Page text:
pinMode(potentiometerPin, INPUT);
} 
 
void loop() 
{ 
int potValue = potentiometerValue();
int fadeValue = map(potValue, 0, 1023, 0, 123); // sets the value (range from 0 to 123):

analogWrite(ledPin1, fadeValue);
analogWrite(ledPin2, fadeValue);
analogWrite(ledPin3, fadeValue);
analogWrite(ledPin4, fadeValue); 
// wait for 30 milliseconds to see the dimming effect
delay(30);
}


//function to calculate potentiometer value
int potentiometerValue()
 {
int val = analogRead(potentiometerPin);
return val;
 }

All of the LEDs are modulated together. I have some features in this code what will allow me to separate out the color channels later if I feel like getting fancy with colors. I have also limited the power draw of the LEDs to only half of their scale with the fadeValue variable. In principle, it would go up to 255. But I was gun-shy after destroying my power transistors.

The case lid, along with the hole for the dial wires and the LED power leads

The case lid, along with the hole for the dial wires and the LED power leads

My circuit is based heavily on the Adafuit schematics. I bought some cases and screwed them to the bottom of the cabinet, and I put the Arduino and the breadboard in the cases. I used a 2.5mm barrel jack for the power supply, and crimped ring connectors to join the power transistors to the LED power leads.

A test of the circuit with only one power LED connected

A test of the circuit with only one power LED connected

I bought a long-shaft potentiometer for the dial. At this late date, I realized the potentiometer for the dial needed to interface with the complicated three-part dial of the original radio, which combined a number of functions coaxially. I bought brass bushings which fit over the potentiometer shaft to preserve the ability of all three dials to spin.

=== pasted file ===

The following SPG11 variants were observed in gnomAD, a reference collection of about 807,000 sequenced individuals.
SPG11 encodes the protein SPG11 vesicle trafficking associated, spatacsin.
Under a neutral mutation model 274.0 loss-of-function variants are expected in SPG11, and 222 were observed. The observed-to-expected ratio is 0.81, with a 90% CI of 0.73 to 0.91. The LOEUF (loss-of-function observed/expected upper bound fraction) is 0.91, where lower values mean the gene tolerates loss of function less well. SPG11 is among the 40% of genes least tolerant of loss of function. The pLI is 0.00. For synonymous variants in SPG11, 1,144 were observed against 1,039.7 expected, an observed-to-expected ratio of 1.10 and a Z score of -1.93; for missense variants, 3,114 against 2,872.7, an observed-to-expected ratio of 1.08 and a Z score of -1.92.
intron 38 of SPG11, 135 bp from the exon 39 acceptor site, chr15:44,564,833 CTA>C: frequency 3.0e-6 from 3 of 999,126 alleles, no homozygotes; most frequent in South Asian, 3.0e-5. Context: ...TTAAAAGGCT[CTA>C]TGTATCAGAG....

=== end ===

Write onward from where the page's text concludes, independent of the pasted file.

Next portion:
The long-shaft potentiometer, along with the panel I would mount it to

The long-shaft potentiometer, along with the panel I would mount it to

The brass bushing on the long-shaft potentiometer, which is mounted on the panel

The brass bushing on the long-shaft potentiometer, which is mounted on the panel

I cut a panel out of 7/32" underlayment to mount the poteniometer. This will also be a place to mount buttons if I ever decide to use the radio buttons in the future. Bre painted that for me.

Another test circuit for the potentiometer

Another test circuit for the potentiometer

I ran 28 AWG leads from the potentiometer to the Arduino, on the theory I wanted room for the twelve buttons on the front later to run lead through the same holes in the cabinet. In retrospect, I regret my life choices. That wire was wayyy too fine for this work, and I redid it at least twice when it broke.

The final location of the Arduino

The final location of the Arduino

The power circuit, with four color channels. These are *almost* color-coded.

The power circuit, with four color channels. These are *almost* color-coded.

Everything all put together. Can you tell I'm not a cable-layout purist?

Everything all put together. Can you tell I'm not a cable-layout purist?

Once the circuit was assembled and tested, I drilled a hole in the potentiometer shaft for the last knob. That knob was cracked, so I epoxyed the shaft of an allen key into the knob and placed it into the drilled hole. We also replaced the broken glass with a new dome. I especially like how the glassware behind it looks with the LEDs on.

Almost done, just one last knob to put on!

Almost done, just one last knob to put on!

The finished bar!

The finished bar!

As I finish this, the bar cabinet sits behind me, softly glowing. I think it might need a pull for opening the door, but that is a project for another day.